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Introduction to the Greater Hippias

Introduction to the Greater Hippias

The Greater Hippias presents the great sophist of Elis as a distinguished representative of his profession, thoroughly imbued with self-confidence and self-importance, and utterly unable to meet the questionings of Socrates. The ostensible subject of the dialogue is The Beautiful, which Socrates asks Hippias to define. Every definition is found to be unsatisfactory, so that the final result is negative. The real purpose of the dialogue seems to be to portray the personality of Hippias and the pertinacity of Socrates in pursuing every question—or rather every answer—until the discomfiture of his interlocutor is complete.

The dialogue is generally (and, in my opinion, rightly) regarded as not the work of Plato. The somewhat frigid humour of Socrates, in pretending that he persists in his interrogations because a “certain man” is sure to find the faults in the definitions proposed, does not necessarily preclude Plato as the author, though nothing closely resembling it is to be found in the dialogues universally accepted. The style resembles that of Plato, though in some particulars it is peculiar. In the Phaedrus Plato himself imitates the style of Lysias so closely that the discourse on the lover

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Introduction to the Greater Hippias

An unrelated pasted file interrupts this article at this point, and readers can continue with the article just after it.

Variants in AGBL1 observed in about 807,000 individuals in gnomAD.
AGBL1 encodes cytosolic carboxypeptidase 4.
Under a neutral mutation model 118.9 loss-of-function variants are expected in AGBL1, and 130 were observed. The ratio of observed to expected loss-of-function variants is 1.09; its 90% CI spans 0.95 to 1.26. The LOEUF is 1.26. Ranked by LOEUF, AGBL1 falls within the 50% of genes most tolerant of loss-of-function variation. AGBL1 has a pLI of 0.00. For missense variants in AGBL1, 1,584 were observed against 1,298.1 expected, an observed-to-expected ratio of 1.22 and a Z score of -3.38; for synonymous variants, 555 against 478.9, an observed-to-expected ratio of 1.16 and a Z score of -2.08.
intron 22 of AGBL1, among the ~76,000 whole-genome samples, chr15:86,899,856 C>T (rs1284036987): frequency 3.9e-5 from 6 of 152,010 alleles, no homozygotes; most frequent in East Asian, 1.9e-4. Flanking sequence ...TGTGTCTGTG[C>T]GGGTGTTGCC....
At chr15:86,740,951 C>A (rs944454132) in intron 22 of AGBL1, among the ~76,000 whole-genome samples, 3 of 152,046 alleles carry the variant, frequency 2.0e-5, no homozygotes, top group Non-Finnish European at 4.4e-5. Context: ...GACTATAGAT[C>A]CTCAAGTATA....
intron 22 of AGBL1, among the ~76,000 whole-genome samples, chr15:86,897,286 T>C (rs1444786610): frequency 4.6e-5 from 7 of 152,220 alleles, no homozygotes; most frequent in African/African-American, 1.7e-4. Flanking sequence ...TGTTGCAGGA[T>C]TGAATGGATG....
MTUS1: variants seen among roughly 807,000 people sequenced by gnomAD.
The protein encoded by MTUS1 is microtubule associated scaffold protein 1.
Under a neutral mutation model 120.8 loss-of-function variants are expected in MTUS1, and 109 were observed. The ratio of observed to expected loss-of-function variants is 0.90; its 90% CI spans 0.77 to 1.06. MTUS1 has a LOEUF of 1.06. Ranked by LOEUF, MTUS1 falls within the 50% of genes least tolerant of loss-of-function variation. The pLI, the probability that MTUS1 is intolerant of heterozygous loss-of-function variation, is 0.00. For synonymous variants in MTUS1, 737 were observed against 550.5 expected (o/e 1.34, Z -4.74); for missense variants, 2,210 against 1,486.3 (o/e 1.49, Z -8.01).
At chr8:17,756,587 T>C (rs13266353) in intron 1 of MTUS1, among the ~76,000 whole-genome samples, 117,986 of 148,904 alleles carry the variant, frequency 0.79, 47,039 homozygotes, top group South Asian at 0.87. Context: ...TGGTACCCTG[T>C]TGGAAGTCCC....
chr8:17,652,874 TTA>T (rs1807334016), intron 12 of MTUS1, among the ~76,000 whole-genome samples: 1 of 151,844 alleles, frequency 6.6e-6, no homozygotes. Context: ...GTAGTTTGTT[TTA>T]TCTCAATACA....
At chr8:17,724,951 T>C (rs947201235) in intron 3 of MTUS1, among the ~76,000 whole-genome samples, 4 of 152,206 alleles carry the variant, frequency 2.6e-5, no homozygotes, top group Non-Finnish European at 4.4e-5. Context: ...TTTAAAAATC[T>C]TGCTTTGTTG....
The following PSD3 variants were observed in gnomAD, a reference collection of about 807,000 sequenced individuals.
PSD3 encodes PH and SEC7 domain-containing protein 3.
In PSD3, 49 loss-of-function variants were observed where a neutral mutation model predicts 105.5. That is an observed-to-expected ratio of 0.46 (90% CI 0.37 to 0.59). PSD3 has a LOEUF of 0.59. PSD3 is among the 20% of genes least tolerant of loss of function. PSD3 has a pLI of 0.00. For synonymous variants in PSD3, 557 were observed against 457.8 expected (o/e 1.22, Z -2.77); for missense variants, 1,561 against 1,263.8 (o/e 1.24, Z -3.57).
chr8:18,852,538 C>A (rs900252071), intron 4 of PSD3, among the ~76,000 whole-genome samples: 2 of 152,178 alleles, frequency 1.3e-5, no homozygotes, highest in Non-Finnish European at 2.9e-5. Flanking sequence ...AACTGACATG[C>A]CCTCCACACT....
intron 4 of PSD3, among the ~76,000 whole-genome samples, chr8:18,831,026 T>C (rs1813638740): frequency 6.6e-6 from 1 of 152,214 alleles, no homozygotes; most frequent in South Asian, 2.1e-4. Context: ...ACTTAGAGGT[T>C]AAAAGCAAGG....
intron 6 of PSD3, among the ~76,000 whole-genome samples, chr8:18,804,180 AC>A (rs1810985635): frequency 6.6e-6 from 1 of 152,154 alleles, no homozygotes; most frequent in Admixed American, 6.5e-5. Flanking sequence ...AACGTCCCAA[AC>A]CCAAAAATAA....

non-lover has sometimes been regarded as a genuine work of Lysias, and it would not be very difficult for another to write in a style as similar to Plato’s as is that of this dialogue. The apparent reference (286 b) to the Lesser Hippias proves nothing as to the genuineness of either this dialogue or that. On the whole, there is little probability that this is Plato’s work. If it is his, it must be one of his earlier dialogues.

The Greek word καλός has a broader field of application than the English word “beautiful,” and it is, therefore, occasionally difficult to render a passage satisfactorily; for though we may speak of a beautiful act, we can hardly apply the word “beautiful” to laws and constitutions, for example. Then, too, there is no English opposite of “beautiful” which has, even approximately, the widely extended signification of the Greek αἰσχρός. Occasionally, therefore, the direct opposition of καλός and αἰσχρός fails to appear adequately in the English version.

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DOI: 10.4159/DLCL.plato_philosopher-greater_hippias.1926